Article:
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Courage to feel and heal: Men’s mental health matters 

When a fear of stigma stopped Hassaan from getting help for his social anxiety, he found himself in a dark depression. He says his story isn’t unique. “I’ve seen first-hand how unspoken mental health challenges have also affected my friends and peers.” 

Fueled by a desire to reduce stigma and advocate for men getting the help they need and deserve, Hassaan joined CMHA’s National Council of Persons with Lived Experience (NCPLE). Now sharing his story, Hassaan hopes to change this all-too-common experience. “If I can help even just one person, or inspire one person to seek help, it’s worth it.” 

In a 2020 survey, 22.8% of men in Canada reported their mental health as poor or fairi. Despite the obvious need for support, Hassaan believes one of the biggest obstacles preventing men from seeking help is rooted in society’s toxic views of what a man is and who a man should be. “Men are meant to be unrealistically strong, independent, and emotionless.” It’s this stereotype that keeps men from seeking help and accessing mental health servicesii. Hassaan shares how he’s doing his part to change this narrative and lead by example. “I’m open about my therapy. I mention it in passing with my friends and family to normalize it.”  

However, he wasn’t always this open about his mental health. When he first started struggling, Hassaan wouldn’t even talk to his closest friends because of fear of judgement for showing emotions and appearing weak. “Men’s friendships can often be superficial –we don’t always turn to each other for emotional support.” The good news is, 7 in 10 men report having someone they can always or often count on; these are the people men can turn to when they’re struggling. iii  

Another barrier Hassaan sees for men from seeking help is a lack of male mental health professionals. “Relatively speaking, I’ve had a good experience with therapy, but finding a good match was challenging due to limited [availability of] male therapists.” Hassaan has found it helpful to work with a male therapist in his journey; someone to connect with and relate to.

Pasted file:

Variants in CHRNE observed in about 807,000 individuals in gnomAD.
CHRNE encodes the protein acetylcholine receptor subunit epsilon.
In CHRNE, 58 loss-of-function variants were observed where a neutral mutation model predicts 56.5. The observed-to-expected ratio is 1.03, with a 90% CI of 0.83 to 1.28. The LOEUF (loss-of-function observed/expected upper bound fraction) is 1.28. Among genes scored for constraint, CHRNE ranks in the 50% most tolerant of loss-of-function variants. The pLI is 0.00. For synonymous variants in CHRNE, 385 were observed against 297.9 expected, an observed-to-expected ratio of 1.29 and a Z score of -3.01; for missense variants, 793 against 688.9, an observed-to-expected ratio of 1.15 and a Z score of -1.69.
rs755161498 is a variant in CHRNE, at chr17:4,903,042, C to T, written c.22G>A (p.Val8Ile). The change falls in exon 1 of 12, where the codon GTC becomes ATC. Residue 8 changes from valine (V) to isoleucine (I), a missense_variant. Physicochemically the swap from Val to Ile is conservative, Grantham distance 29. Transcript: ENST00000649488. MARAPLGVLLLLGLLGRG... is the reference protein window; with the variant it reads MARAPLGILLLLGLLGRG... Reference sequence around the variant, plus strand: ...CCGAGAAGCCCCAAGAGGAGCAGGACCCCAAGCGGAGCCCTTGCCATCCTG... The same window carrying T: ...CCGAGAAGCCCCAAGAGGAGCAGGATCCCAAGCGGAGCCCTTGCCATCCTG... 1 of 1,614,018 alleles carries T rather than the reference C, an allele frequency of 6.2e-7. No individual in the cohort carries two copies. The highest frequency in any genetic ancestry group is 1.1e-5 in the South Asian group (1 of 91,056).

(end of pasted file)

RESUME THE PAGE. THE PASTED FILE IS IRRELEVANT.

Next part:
When asked how friends, family, and communities can better support the mental health needs of the men in their lives, Hassaan emphasized the importance of gently approaching the topic, prioritizing trust building, and honestly sharing how you’re doing first. “It shows them that if my friend feels safe sharing with me, then I can feel safe sharing with them.” Hassaan also believes in the importance of educating yourself about mental health and the warning signs that someone might be struggling, some of which are uniquely presented in men. 

Some warning signs include: 

Of the estimated 4,000 suicide deaths in Canada each year, close to 75 percent are men.iv By learning and recognizing the warning signs, you can help the men in your life get the help they need. 
Help is available: 

Hassaan is 24 years old and works in communications and knowledge translation at Inclusion Canada. He’s working towards a master’s degree in counselling with the hope of becoming a therapist and pursuing his passion to help men with their mental health.

If you or someone you love is struggling, please contact your local CMHA. 9-8-8 is for anyone who is thinking about suicide, or who is worried about someone they know. Connect to a responder to get help without judgement. Call or text 9-8-8 toll-free, anytime for support in English or French. Call 9-8-8 (toll-free, 24/7) or text 9-8-8 (toll-free, 24/7). For more information, visit

i Statistics Canada. (2021). Canadians’ Mental Health Public Use Microdata File (2020) 
ii McKenzie, S. K., Oliffe, J. L., Black, A., & Collings, S. (2022). Men’s experiences of mental illness stigma across the lifespan: a scoping review. American journal of men’s health16(1), 15579883221074789. 
iii Having someone to count on by gender and province ( 
iv Men’s Mental Health and Suicide in Canada. (